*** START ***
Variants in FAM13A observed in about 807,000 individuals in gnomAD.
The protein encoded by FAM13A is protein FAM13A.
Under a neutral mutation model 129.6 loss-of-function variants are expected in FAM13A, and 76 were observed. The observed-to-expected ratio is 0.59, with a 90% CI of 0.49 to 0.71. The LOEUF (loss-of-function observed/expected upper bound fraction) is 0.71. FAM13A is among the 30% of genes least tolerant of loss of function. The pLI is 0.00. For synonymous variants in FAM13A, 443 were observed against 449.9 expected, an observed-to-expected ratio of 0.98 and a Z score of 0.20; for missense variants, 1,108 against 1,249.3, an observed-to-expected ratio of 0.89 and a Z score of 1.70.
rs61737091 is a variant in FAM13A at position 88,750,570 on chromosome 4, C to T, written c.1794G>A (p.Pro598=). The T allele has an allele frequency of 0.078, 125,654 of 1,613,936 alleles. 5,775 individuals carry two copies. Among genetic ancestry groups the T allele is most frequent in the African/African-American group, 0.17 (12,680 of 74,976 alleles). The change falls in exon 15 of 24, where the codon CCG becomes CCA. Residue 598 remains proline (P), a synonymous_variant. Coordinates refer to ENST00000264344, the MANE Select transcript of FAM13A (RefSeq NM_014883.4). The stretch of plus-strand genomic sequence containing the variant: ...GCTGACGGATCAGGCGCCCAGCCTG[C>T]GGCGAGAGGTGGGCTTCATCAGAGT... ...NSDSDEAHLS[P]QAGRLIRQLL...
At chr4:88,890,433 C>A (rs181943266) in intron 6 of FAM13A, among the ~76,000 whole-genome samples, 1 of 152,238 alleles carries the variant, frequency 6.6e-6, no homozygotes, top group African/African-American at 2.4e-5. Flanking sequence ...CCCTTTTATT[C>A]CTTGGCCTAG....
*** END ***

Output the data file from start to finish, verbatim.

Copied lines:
Variants in FAM13A observed in about 807,000 individuals in gnomAD.
The protein encoded by FAM13A is protein FAM13A.
Under a neutral mutation model 129.6 loss-of-function variants are expected in FAM13A, and 76 were observed. The observed-to-expected ratio is 0.59, with a 90% CI of 0.49 to 0.71. The LOEUF (loss-of-function observed/expected upper bound fraction) is 0.71. FAM13A is among the 30% of genes least tolerant of loss of function. The pLI is 0.00. For synonymous variants in FAM13A, 443 were observed against 449.9 expected, an observed-to-expected ratio of 0.98 and a Z score of 0.20; for missense variants, 1,108 against 1,249.3, an observed-to-expected ratio of 0.89 and a Z score of 1.70.
rs61737091 is a variant in FAM13A at position 88,750,570 on chromosome 4, C to T, written c.1794G>A (p.Pro598=). The T allele has an allele frequency of 0.078, 125,654 of 1,613,936 alleles. 5,775 individuals carry two copies. Among genetic ancestry groups the T allele is most frequent in the African/African-American group, 0.17 (12,680 of 74,976 alleles). The change falls in exon 15 of 24, where the codon CCG becomes CCA. Residue 598 remains proline (P), a synonymous_variant. Coordinates refer to ENST00000264344, the MANE Select transcript of FAM13A (RefSeq NM_014883.4). The stretch of plus-strand genomic sequence containing the variant: ...GCTGACGGATCAGGCGCCCAGCCTG[C>T]GGCGAGAGGTGGGCTTCATCAGAGT... ...NSDSDEAHLS[P]QAGRLIRQLL...
At chr4:88,890,433 C>A (rs181943266) in intron 6 of FAM13A, among the ~76,000 whole-genome samples, 1 of 152,238 alleles carries the variant, frequency 6.6e-6, no homozygotes, top group African/African-American at 2.4e-5. Flanking sequence ...CCCTTTTATT[C>A]CTTGGCCTAG....